The meta description, likewise to the title, is also displayed in the SERP. It sits directly below the meta title to give the user an explanation of what they can expect to find on the webpage. Ensuring that both your meta title and description are optimised with specific/detailed content and target keywords is a vital element of your on-page SEO strategy.
In addition to being optimised for Google, it's important that your title and description is easy to understand for the user, this means it reads easily, makes sense and encourages the user to click. You can test how different titles and descriptions perform with your on-page content, measuring such things as your page bounce rate and exits can give you actionable data on areas that may need improving.
On-page content includes structuring, copywriting, keyword usage, header tags and image optimisation. In our experience, the bulk of on-page SEO issues stem from these areas, if your copy doesn't consider Google's E-A-T algorithm then there's a good chance you won't be ranking on the first page of Google.
Ensuring good copywriting and structure in your content is critical, this means your content needs to work in a hierarchical fashion. Such as using the right headings for the right paragraphs and writing concise and compelling body paragraphs that answer the question (expertise). You need to create useful information for the user; if your content isn't speaking to the question a user has asked, there's a good chance they aren't going to stick around and read it.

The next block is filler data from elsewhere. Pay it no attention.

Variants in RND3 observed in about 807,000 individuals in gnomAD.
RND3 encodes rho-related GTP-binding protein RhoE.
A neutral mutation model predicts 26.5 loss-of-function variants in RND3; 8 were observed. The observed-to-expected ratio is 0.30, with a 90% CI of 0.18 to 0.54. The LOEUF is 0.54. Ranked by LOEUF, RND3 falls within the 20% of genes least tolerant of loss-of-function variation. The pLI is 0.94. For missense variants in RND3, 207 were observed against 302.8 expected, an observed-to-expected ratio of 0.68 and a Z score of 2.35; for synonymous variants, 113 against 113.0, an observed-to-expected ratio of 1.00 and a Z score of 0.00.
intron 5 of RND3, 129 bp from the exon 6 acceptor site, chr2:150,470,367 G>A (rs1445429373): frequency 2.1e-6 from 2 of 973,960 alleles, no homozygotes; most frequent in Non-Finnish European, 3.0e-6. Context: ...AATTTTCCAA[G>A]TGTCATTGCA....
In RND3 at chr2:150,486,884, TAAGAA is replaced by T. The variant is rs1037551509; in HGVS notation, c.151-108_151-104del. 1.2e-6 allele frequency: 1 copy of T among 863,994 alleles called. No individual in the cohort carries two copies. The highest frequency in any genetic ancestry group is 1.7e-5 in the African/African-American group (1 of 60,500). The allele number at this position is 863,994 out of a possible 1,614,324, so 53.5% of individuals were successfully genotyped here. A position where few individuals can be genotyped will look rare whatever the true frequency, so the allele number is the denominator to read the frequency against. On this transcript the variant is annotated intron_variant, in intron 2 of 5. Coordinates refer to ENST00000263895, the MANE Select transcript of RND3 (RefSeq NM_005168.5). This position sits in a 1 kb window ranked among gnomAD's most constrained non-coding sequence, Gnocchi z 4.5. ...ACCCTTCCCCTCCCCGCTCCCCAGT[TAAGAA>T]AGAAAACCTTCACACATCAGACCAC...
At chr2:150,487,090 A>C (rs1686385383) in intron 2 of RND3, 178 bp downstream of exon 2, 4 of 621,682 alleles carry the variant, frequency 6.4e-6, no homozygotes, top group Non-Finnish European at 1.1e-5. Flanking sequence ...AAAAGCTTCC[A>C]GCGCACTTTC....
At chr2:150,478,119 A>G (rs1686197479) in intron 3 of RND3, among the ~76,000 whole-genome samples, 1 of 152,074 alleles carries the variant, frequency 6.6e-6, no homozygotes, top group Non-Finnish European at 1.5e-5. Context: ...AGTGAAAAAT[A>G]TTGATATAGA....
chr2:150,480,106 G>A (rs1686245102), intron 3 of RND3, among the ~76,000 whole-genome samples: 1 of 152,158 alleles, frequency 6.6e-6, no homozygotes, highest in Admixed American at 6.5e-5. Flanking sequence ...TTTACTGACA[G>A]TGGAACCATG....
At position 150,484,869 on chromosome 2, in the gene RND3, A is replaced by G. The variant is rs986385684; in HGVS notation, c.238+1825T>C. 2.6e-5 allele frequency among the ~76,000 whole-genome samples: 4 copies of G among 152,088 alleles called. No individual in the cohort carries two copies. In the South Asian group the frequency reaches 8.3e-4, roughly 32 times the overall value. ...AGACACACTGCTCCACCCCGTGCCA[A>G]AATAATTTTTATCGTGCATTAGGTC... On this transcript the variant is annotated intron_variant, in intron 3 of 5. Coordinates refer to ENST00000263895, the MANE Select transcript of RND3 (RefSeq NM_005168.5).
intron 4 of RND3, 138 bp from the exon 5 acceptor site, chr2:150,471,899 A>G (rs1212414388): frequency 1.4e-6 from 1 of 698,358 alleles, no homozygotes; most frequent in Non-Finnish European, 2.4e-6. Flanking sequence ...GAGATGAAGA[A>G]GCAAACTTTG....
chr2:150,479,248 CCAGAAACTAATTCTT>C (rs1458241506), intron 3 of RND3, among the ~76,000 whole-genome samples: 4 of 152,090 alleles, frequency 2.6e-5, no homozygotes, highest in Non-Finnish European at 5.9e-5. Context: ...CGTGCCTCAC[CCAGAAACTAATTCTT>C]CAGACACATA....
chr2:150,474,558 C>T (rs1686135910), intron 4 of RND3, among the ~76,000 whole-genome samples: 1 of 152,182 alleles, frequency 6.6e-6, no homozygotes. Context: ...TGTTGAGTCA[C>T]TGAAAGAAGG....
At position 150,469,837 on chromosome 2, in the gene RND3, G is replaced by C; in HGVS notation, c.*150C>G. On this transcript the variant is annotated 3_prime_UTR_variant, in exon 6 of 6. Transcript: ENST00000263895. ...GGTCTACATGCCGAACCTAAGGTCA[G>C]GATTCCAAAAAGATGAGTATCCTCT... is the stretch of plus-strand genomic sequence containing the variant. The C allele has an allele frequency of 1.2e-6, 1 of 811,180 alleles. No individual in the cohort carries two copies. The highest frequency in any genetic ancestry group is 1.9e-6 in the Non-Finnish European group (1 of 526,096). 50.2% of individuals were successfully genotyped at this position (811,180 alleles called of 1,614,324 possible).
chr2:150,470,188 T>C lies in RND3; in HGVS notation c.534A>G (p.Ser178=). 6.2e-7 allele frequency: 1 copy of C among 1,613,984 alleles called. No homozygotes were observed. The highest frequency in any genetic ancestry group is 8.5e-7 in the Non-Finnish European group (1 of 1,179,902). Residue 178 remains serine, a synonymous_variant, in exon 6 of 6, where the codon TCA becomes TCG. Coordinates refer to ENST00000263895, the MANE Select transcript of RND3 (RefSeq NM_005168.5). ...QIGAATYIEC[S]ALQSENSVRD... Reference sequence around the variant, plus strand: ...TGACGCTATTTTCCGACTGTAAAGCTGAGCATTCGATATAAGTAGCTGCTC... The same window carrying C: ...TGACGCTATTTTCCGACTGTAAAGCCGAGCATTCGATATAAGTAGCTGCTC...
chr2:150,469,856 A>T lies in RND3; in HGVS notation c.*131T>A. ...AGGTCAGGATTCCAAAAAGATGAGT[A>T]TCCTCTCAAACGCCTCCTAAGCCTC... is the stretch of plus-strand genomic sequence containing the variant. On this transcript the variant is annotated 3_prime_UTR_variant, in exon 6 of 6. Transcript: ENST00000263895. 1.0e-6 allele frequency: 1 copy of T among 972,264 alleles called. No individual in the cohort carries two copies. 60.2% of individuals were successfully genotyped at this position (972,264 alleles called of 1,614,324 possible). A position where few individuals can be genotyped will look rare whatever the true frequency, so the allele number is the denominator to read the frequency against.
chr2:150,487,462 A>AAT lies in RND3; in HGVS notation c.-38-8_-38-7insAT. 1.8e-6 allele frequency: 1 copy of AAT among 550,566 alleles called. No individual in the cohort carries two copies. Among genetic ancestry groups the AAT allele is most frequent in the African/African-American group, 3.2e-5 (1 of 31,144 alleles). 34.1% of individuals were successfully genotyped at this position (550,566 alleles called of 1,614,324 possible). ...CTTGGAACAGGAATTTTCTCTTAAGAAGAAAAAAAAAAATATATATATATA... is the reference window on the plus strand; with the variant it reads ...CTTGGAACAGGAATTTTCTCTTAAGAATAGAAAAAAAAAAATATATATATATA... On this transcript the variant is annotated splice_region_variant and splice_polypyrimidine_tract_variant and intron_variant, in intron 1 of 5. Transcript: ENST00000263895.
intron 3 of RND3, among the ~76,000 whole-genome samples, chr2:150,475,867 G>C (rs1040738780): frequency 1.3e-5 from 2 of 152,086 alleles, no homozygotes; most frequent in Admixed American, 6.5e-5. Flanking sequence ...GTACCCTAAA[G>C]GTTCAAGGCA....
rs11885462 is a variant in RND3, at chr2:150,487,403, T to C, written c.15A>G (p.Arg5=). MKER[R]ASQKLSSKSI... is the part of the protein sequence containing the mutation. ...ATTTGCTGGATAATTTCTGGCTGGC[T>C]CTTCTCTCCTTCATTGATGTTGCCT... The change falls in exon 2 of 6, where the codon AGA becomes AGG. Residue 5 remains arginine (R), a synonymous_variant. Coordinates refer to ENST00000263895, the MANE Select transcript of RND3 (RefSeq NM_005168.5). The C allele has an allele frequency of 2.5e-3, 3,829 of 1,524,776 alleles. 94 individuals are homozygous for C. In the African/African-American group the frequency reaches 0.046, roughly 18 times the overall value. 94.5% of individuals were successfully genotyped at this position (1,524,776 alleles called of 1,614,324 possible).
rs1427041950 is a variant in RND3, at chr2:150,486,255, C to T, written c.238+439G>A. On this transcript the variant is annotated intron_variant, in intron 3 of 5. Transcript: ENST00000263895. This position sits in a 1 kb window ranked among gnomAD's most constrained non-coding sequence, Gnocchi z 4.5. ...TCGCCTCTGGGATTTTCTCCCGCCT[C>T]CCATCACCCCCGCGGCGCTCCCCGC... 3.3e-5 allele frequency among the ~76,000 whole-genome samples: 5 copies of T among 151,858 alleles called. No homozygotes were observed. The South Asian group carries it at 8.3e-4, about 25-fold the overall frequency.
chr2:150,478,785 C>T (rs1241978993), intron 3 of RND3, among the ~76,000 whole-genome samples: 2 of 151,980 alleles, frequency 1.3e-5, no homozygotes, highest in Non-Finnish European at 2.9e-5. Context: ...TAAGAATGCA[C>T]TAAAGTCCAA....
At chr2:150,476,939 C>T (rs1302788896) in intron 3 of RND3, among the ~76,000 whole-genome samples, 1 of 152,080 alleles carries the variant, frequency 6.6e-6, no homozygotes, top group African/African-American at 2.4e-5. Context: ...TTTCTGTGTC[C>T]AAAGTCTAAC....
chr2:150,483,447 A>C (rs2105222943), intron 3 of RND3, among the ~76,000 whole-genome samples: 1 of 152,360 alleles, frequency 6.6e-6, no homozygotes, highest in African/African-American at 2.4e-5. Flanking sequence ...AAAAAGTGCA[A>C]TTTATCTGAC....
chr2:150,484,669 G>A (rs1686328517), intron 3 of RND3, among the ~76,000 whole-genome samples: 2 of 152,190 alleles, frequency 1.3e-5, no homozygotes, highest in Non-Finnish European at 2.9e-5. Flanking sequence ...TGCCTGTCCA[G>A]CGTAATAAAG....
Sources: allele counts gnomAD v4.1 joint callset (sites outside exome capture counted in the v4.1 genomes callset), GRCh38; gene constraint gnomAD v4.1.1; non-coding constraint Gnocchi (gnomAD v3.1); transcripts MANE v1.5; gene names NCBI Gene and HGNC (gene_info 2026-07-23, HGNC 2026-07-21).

Tips for SEO copywriting and structuring:
Try not to use long-winded paragraphs, be concise with your answers.
Try to naturally incorporate your target keywords within content, ensuring that you aren't keyword stuffing.
Write for the readers first and Google second, this one is said a lot but it's really important.
Break up long sections by beginning a new subheading.
Headings and selecting the correct tags are crucial to establishing well-structured content. This means using a H1 tag for your main page topic or heading, and then using H2, H3 and even H4s further into your content.
For example, take Wikipedia. Their H1 is the first thing on the page (topic heading). They then briefly talk to this heading before moving down into their first H2, once they have accurately and concisely spoken to the history they can then break this section down into subheadings with a H3. Delving even further, if there is a subheading that needs to be talked to in relation to the H3, they can use a H4.
Having keyword-rich content is still essential, writing an entire blog on something without mentioning your target keyword won't improve your on-page SEO. At the end of the day, Google is still using an algorithm, they don't have a real person sitting behind a computer manually deciding where each blog should be ranked based on its relevance.
This means it's important to naturally include your target keywords where appropriate. We recommend keeping the following factors in mind when writing:
Try to use your main target keyword early in your content, preferably within the first 100 words.
Include your relevant target keywords in headings where appropriate.
Use your main target keyword in your meta title and/or description.